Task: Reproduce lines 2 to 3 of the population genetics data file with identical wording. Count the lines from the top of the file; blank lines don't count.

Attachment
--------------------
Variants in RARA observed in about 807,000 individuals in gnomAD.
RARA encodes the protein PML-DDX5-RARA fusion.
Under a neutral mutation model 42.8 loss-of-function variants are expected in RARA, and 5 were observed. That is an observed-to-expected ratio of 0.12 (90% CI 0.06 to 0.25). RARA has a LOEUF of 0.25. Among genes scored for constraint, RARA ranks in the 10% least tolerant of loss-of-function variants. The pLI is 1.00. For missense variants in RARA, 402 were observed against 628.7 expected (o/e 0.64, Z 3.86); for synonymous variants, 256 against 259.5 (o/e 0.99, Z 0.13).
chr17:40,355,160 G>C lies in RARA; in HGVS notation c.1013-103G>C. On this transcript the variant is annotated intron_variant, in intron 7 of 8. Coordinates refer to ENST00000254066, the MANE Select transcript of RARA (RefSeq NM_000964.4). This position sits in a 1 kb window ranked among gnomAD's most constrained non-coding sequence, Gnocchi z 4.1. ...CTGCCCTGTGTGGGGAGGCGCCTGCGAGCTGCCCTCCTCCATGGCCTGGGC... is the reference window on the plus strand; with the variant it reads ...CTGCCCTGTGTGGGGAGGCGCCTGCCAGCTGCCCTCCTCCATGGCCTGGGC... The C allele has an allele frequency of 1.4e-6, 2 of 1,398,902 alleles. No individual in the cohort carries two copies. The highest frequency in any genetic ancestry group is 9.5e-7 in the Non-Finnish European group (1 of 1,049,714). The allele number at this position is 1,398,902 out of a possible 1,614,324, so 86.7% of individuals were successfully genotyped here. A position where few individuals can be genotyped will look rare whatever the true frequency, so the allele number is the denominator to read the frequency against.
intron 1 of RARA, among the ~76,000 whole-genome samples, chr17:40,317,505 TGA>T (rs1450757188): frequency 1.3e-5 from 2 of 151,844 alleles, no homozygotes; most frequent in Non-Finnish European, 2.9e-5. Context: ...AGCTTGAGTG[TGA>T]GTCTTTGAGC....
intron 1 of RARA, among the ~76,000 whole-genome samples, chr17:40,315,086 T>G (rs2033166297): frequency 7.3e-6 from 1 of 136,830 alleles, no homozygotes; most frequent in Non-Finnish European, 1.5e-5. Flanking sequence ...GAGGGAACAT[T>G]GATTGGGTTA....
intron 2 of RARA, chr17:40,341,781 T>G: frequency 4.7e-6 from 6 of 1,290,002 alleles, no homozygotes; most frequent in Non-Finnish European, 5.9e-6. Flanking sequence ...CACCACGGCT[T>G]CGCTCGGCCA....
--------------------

RARA encodes the protein PML-DDX5-RARA fusion.
Under a neutral mutation model 42.8 loss-of-function variants are expected in RARA, and 5 were observed. That is an observed-to-expected ratio of 0.12 (90% CI 0.06 to 0.25). RARA has a LOEUF of 0.25. Among genes scored for constraint, RARA ranks in the 10% least tolerant of loss-of-function variants. The pLI is 1.00. For missense variants in RARA, 402 were observed against 628.7 expected (o/e 0.64, Z 3.86); for synonymous variants, 256 against 259.5 (o/e 0.99, Z 0.13).